‘Wombat lived in a small house under the shadow of a tall ghost gum.”

A.K.A. Vombatus ursinus,

The scientific name of the wombat comes partly from Latin – ‘ursinus’ means ‘bear’ – and partly from the word ‘vomat’ or ‘vombach’ from the Darug Aboriginal language.

Wombat in Bollygum is a Common Wombat. This species is also known as the Bare-Nosed Wombat, the Naked-Nosed Wombat, or the Island Wombat. The other wombat species are the Northern Hairy-Nosed Wombat and the Southern Hairy-Nosed Wombat.

The wombat is the animal most closely related to the koala. Like koalas, wombats are marsupials — this means that the mother has a pouch, and when she gives birth to her baby it lives in the pouch for a while, drinking her milk.

The different wombat species live in different areas. Common Wombats are usually found in Tasmania, and live mainly in forest-covered areas in south-eastern Australia.

Common Wombats have large noses with no fur on them, small ears, and thick coarse fur like toothbrush bristles. Their fur can be sandy in colour, or brown or black.

Wombats grow up to about a metre long, and can weigh up to 40 kg. They have wide feet and claws and strong limbs. This makes it easy for them to make tunnels in the ground, or burrows, in which they live and also hide from their predators. They are the largest burrowing mammal, and the second biggest marsupial — only kangaroos are bigger.

Wombats have strong teeth, but because they are always chewing on tough grasses their teeth wear down. Fortunately, unlike most other species, their teeth grow continuously.

Though wombats move slowly, they can speed up to about 40 km/h if in danger. When wombats feel threatened or angry, they growl or hiss.

When young wombats are lost, they communicate with their mothers by calling ‘huh, huh’ repeatedly. Their mothers reply with the same sounds.

Wombats throw sand over themselves to get clean, and they like to swim.

They are nocturnal animals. They come out of their burrows after sunset, when the air temperature cools. They usually go back to their burrows before sunrise, and stay there for most of the day.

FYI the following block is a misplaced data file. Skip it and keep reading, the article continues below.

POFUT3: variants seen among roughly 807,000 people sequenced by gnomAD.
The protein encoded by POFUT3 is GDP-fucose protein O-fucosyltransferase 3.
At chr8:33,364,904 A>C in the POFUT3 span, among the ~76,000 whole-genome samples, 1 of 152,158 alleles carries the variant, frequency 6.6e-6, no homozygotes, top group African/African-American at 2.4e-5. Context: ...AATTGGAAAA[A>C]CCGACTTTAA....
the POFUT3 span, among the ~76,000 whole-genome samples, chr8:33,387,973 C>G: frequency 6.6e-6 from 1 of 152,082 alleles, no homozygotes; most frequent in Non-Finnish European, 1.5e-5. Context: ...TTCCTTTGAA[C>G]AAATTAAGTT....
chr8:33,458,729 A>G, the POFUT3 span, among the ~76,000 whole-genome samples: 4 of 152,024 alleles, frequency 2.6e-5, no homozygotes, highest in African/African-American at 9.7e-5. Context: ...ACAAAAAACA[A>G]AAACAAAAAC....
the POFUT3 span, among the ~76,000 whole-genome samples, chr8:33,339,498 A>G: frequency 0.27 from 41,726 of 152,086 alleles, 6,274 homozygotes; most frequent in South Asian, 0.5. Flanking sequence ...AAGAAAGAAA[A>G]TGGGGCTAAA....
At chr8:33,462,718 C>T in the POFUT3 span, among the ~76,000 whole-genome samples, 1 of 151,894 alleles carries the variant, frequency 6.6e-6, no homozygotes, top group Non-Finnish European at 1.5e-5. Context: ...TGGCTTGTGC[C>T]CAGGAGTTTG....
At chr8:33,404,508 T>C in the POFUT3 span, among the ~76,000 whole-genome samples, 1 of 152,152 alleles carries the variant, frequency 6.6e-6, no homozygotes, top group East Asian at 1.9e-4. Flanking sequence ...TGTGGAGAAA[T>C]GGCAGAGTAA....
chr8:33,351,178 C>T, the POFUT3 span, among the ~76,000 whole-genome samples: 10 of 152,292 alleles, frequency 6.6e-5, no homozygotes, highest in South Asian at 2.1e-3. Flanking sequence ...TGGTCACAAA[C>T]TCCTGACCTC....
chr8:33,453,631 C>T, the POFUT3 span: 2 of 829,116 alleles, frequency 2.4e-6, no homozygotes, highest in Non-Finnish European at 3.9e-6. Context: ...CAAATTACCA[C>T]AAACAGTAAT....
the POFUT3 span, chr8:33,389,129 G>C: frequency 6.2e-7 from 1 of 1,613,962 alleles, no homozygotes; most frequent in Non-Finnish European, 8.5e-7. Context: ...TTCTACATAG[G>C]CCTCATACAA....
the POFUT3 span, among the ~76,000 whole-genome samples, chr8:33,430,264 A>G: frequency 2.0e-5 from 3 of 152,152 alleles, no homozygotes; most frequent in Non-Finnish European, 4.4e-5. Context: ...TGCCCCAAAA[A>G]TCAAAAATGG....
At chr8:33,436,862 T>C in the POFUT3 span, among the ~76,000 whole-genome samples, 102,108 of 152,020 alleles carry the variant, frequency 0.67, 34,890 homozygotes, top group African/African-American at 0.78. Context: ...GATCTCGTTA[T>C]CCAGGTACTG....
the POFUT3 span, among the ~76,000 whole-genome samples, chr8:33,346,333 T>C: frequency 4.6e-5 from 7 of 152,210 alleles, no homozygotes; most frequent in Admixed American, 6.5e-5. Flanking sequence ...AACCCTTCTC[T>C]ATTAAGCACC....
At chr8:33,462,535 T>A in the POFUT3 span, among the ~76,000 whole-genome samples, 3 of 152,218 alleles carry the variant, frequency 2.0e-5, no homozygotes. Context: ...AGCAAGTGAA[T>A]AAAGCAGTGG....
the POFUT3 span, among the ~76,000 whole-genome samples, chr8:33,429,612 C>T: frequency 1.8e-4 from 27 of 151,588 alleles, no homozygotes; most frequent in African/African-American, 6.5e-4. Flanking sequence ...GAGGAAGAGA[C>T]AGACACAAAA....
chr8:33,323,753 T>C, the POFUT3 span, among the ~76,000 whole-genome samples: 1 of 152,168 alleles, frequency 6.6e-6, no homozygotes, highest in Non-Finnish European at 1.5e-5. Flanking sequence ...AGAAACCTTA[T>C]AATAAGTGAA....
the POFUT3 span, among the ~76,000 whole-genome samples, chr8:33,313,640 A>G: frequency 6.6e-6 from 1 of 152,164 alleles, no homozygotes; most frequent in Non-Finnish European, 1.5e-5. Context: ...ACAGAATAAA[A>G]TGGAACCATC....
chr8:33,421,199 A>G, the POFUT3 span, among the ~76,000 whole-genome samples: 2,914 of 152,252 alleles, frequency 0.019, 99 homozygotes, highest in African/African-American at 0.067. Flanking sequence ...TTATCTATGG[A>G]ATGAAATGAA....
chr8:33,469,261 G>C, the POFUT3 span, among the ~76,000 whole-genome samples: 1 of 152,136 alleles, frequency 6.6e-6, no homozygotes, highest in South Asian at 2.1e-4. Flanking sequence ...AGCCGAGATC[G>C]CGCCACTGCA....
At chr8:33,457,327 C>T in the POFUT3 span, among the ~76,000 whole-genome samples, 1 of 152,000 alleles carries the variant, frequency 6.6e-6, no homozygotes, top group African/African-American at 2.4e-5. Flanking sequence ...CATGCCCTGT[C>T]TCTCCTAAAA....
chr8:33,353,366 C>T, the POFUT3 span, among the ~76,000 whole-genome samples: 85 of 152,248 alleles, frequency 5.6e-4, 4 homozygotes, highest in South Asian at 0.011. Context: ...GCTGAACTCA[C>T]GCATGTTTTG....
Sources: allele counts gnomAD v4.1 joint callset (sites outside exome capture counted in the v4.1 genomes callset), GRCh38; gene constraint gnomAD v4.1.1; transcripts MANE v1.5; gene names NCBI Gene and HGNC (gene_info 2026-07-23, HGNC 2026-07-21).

Wombats are herbivores — they are plant eaters. They like to eat roots and grasses, and sometimes tree bark also. If they can, they graze on crops, and are unpopular with farmers.

Wombats have one baby at a time, about once every two years. Pregnancy lasts for only a month before the baby is born. The baby is not fully developed at birth. It makes its way to the mother’s pouch, and stays there for six to ten months, growing and developing. Then it leaves the pouch, but stays with its mother for several months more before moving away to live independently. If danger threatens, it goes back into the pouch.

Wombats can live for five to ten years in the wild, but in captivity they can live as long as 30 years.

A group of wombats is known as a ‘wisdom’.

To escape predators, wombats dive into one of their tunnels and block the entrance with their bottoms.

Wombat Day is on 22 October every year around the world.

Australia celebrates Hairy Nose Day on 11 May each year. On this day people ‘Wear Whiskers for Wildlife’ to draw attention to endangered species, and the Northern Hairy Nosed Wombat is used a symbol for all endangered species.

Dingoes, foxes and Tasmanian devils are the wombat’s natural predators. Wild dogs, which are an introduced species in Australia, are a great threat to weaker wombats, such as babies, injured animals and older animals. If a wombat is attacked by a single dog, it will usually be strong enough to survive, but it wouldn’t be able to keep up a fight against a pack of dogs.

Though it has predators, the Common Wombat is not considered an endangered species. But other types of wombats are more endangered. The Northern Hairy-Nosed Wombat is critically endangered, which means that this species may soon become extinct.

Though in most places in Australia wombats are protected by law, they are considered vermin in Victoria because they eat through fences and destroy crops.


Grzimek’s Encyclopedia of Mammals, 1990, vol.1, McGraw-Hill, New York


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